The dutch duo Lernert & Sander are well-known for their high-concept art films, installations, music videos and adverts and it’s the execution in all of their ideas that make them stand out from the rest.
I Love Alaska demonstrates their ability to find the beauty and intrigue in something we might have only considered momentarily. Back in 2006 AOL accidentally released the search queries of 650,000 users over a three-month period and while they removed the data after 3 days, it had already been copied all over the internet.
Lernert & Sander focused on the story of one user in particular and what unfolds is a revealing portrait of a middle-age, religious women from Houston, Texas. It’s this woman’s turn of phrase and her uninhibited thoughts she’s typed into the search engine that really help to bring the picture of her to life. It’s a fascinating video and well worth watching it all.
All of today’s posts are focusing on the speakers at Here 2014, picking out a particular project to enjoy once again. You can follow the action live over on our @HereLondon Twitter feed.
- Twin brothers V/A/B on their “difficultly simple” approach to design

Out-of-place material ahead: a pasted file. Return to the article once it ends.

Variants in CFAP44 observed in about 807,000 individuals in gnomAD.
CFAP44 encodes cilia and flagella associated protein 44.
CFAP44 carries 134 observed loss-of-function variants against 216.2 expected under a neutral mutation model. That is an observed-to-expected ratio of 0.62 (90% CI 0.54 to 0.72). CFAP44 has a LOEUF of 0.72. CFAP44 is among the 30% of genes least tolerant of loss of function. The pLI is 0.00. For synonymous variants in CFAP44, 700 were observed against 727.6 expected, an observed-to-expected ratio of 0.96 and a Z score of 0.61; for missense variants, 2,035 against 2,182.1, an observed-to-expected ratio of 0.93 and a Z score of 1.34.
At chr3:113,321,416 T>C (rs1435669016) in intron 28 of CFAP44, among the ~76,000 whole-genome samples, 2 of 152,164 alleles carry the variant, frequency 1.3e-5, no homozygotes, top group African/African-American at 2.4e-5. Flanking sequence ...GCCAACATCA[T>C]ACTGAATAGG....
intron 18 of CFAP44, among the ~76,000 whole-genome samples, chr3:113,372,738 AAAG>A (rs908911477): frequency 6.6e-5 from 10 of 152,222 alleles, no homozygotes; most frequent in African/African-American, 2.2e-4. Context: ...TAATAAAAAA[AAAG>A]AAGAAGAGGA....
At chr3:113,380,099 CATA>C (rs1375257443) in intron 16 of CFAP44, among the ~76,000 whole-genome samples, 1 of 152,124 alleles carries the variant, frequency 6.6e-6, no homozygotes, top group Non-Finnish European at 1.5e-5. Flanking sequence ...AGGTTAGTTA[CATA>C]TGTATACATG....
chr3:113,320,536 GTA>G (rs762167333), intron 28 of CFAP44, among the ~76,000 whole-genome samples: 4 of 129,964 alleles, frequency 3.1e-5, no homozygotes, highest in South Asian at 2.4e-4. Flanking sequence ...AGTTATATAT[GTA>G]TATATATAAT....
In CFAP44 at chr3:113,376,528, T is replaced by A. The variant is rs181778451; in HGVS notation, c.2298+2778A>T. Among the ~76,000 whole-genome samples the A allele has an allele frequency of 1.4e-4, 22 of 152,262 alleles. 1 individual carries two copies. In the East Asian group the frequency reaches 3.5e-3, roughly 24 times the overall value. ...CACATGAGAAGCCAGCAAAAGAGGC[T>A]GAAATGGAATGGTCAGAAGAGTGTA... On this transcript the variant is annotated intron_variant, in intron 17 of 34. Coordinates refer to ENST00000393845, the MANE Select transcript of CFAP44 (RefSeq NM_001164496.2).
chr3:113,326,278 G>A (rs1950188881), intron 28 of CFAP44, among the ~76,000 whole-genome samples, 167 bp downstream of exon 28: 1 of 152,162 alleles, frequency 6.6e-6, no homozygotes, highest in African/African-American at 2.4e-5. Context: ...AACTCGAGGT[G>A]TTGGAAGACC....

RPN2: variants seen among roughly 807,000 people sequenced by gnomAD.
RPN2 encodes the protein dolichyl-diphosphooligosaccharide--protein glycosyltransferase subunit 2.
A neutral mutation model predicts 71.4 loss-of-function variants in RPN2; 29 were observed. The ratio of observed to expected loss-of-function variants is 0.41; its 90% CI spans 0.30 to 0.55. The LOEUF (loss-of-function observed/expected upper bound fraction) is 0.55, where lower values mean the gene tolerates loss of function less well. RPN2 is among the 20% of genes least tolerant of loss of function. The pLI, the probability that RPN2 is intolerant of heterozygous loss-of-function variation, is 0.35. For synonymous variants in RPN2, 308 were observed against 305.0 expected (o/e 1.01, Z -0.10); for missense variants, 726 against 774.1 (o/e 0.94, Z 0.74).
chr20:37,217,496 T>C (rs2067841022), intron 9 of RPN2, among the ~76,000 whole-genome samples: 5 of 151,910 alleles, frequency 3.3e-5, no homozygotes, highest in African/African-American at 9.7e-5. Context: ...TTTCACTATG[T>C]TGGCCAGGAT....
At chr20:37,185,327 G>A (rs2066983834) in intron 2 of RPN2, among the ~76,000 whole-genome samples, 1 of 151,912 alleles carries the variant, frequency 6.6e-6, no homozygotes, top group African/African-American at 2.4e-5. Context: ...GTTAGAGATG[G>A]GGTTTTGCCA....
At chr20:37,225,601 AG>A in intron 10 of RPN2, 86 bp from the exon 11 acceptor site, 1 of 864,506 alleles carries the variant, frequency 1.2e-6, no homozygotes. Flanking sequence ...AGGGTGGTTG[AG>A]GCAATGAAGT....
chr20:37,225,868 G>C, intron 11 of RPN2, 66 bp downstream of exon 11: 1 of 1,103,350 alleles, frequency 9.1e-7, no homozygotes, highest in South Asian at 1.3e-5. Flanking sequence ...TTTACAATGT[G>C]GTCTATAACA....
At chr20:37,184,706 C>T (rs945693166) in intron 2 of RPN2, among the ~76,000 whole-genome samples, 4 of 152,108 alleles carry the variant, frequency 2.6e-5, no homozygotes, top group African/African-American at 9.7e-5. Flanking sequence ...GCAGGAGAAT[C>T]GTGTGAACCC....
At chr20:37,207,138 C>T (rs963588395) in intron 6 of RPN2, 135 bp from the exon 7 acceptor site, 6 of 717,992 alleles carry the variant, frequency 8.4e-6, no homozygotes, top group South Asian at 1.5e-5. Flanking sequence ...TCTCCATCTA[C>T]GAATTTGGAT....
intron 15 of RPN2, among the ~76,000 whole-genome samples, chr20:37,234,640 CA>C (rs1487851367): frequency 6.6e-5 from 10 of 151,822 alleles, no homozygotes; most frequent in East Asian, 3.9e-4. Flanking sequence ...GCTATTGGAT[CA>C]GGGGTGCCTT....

- The people’s choice, it’s Best of the Web!
- Larry Hallegua captures sun worshippers on Pattaya Beach in Thailand
- Lukas Korshan photographs Dulwich Hamlet FC, where you can “drink beer, stand up, and let loose"
- “The field is stretching itself bigger and bigger” - Jurgen Bey on design education and infinite possibility
- Peter Judson messes with depth perception in new personal project, Infection
- Fashion photographer Miles Aldridge shoots the cast of Game of Thrones for Time Magazine
- The Netherlands’ royal crest changes gender for national women’s football team kit by Nike
- Peek inside erotic magazine Odiseo’s very NSFW tenth issue
- Rick and Morty’s Exquisite Corpse trailer features 22 animators including Simon Landrein and Bendik Kaltenborn
- Design director, Gail Bichler, on The New York Times Magazine typography exhibition
- Mark Shaw captures the glamour of haute couture runways from the 1950s